For many woodworkers, most joints – edge, rabbet, dado, half lap and others – are easy enough to jump right into.
But whether you’re a “wet-behind-the-ears” rookie or a hardened veteran, you’ll eventually come up against a situation where you’ll want to mock up a joint before incorporating it into a project.
There can be a few different reasons for this. First, you may not know how to create it, and don’t want to mess up the expensive material you’re working with. Practicing the joint beforehand will let you see how difficult it is to create, let you know how well it turns out, and even give you clues as to whether or not you need to purchase a new tool, bit, blade or other woodworking item. If it’s really hard to create, it might even make you consider coming up with another joint to use in your project.
Another reason to mock up a joint before starting a project is to work out some of the details. I may know exactly how to make it, and have all the tooling for it, but things like dimensions, overlap, proportion and other details often have to be seen full-size before I can get a better idea of how the different parts relate to each other.
I’ve also mocked up a joint so I have a real-life example I can refer to once I’m working on the real thing. Occasionally, this helps me get the parts and their mating joints sorted out in my head. I only use this approach for very complex joints.
The last situation (that I can think of at the moment) in which I will mock up a joint is when I want to show a client a detail. Some clients can visualize joints in their heads, but it’s almost always easier and clearer to show someone the joint in real life. Also, if I make it with sanded surfaces, eased edges and a nice finish, it goes a long way to locking down that great job I’m hoping for.
My next project
I’m currently working on a bookcase project for our basement. It’s a simple, clean design, but has a unique joint fixing the front of the shelves to the vertical solid wood members that support the front of each shelf. I knew it would work, and I also knew how to machine it, but the proportions and visuals were a bit muddy in my mind. After mocking it up, I was able to tweak it to look a bit sleeker and allow it to be assembled even more easily. I was also able to show my partner, who liked it. Game on.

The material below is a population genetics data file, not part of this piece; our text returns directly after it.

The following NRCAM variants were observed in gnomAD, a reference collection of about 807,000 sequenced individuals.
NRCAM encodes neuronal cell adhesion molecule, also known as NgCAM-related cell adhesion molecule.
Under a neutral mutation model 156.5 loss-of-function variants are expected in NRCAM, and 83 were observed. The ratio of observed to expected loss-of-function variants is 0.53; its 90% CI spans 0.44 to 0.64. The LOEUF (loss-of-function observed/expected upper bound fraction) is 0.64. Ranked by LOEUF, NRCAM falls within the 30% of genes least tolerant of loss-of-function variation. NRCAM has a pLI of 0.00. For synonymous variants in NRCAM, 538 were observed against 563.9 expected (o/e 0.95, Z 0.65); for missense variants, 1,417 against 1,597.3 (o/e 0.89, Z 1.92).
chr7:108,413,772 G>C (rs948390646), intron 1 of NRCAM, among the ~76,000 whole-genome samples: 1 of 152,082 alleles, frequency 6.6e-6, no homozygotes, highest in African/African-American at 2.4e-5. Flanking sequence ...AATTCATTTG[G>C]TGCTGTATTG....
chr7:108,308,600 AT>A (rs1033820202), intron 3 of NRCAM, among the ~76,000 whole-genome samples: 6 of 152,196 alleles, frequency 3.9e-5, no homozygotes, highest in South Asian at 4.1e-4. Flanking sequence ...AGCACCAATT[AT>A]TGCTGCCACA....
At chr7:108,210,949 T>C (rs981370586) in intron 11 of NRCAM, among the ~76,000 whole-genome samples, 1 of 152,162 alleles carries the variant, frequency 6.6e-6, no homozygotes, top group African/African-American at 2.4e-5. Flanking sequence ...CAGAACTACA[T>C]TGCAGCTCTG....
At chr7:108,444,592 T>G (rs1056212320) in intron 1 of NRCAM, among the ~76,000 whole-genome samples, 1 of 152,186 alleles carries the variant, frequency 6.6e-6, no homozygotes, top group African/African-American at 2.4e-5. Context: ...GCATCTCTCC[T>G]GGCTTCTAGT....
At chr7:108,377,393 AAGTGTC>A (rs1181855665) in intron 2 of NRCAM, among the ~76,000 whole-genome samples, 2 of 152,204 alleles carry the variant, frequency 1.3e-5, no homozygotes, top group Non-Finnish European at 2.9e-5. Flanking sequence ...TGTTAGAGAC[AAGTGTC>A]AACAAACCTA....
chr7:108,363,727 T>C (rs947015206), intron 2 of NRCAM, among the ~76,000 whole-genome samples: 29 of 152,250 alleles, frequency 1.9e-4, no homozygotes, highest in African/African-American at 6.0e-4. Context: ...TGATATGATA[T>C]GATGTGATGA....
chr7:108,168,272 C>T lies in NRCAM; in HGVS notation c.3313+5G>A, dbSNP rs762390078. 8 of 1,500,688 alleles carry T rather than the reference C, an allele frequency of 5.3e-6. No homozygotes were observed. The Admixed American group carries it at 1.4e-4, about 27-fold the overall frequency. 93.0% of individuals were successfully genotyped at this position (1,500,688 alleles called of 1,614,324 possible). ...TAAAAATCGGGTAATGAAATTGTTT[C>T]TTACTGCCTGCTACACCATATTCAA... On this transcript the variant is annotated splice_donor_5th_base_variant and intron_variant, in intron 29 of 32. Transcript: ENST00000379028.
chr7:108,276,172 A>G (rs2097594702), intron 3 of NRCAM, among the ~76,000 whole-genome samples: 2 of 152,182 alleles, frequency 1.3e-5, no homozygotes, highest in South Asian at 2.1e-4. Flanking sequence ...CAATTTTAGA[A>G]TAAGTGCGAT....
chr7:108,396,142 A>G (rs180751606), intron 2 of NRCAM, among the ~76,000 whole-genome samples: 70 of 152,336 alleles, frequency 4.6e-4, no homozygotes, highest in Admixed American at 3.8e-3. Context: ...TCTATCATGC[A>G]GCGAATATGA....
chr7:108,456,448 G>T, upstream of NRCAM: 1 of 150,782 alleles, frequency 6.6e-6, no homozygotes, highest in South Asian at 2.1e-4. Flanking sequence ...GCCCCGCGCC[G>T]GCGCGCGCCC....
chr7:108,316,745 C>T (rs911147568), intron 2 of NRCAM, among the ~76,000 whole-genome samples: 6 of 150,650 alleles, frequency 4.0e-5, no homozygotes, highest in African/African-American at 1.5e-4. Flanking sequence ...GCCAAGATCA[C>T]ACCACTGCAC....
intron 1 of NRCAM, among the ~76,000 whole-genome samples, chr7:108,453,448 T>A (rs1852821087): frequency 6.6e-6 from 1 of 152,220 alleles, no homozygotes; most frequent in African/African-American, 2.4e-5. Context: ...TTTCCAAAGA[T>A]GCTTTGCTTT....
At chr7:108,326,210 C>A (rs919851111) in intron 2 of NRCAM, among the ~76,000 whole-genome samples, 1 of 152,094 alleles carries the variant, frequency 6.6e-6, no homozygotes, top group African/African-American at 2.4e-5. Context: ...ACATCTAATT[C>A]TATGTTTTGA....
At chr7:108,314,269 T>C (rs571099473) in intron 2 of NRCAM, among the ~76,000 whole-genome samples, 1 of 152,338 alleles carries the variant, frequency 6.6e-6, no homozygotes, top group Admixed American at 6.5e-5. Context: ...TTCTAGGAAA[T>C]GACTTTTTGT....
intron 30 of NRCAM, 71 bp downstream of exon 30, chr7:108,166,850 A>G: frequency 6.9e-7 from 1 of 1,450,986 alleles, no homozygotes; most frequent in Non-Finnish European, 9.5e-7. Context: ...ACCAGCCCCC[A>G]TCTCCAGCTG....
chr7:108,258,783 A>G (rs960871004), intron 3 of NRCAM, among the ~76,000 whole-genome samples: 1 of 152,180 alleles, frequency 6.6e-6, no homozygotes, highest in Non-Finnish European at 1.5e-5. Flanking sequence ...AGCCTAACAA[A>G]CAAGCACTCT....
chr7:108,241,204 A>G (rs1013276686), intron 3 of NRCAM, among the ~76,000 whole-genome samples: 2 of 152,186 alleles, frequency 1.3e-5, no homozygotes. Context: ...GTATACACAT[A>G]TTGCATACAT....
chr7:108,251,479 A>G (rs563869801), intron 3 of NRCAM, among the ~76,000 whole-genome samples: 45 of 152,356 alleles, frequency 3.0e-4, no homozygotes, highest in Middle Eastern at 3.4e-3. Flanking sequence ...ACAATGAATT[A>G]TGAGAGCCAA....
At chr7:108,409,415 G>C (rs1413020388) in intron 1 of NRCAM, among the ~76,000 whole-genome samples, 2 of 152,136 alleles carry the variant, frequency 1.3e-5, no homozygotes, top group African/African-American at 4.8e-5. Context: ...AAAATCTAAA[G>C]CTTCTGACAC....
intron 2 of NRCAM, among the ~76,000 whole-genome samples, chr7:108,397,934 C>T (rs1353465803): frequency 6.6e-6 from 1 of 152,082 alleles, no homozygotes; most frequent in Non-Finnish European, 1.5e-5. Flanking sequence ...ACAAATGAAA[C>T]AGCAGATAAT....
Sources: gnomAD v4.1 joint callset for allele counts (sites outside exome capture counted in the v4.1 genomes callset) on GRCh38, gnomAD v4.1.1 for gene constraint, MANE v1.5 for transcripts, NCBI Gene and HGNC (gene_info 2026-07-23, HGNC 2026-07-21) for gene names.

I now have the mocked-up joint to help guide me during the project, if needed. This project, and the joint in question, isn’t rocket science, but having the ability to look at the mock-up makes it easier on my mind.
I actually have to adjust the way I machine the joint in the full-sized project, as there’s a large difference between cutting a joint in a 16″ long by 8″ wide part, than cutting that same joint in an 8′ long bookcase shelf. Instead of running the workpiece over the table saw to machine the notch in the plywood shelf, I’ll make a simple jig that will guide my router and template bit. This brings other challenges, but I’ll also likely make another mock-up of the joint just before I start machining the real joints. Having the experience of machining the very first joint gave me a better idea of the challenges I’ll face with the real joints.
It sounds silly, but avoiding mistakes is not only good advice for a new woodworker, but also important for an experienced woodworker. Whether it’s wasted time or wasted materials, there are few things more frustrating in the shop than having to spend even more money on materials, then having to spend even more time re-machining, in order to end up with a strong, functional and beautiful project. Mocking up a joint before jumping into the real thing will often be a good solution to this problem.
And once you’re done with each project you can keep some of these mocked-up joints on hand for the future. Whether it’s for inspiration, or just to decorate your workshop, you’ll look at them with happy thoughts down the road. Once or twice I’ve reached for one of the mocked-up joints I’ve made because I was going to make another project that would be installed directly beside the first one, and I could get all the details off the mock-up.
Easy to See
Once the mock-up was done, I could see how all the details looked. How far the solid wood vertical piece protruded past the shelf, how large of a roundover bit to use on the shelf where it will meet the sides of the vertical piece and determining if tearout would be a problem were things I was focusing on.
All in the Details
Once it's apart, the joint looks quite simple, which it is. It’s only a bit more complex when it's assembled, as the different dimensions and details effect how it looks.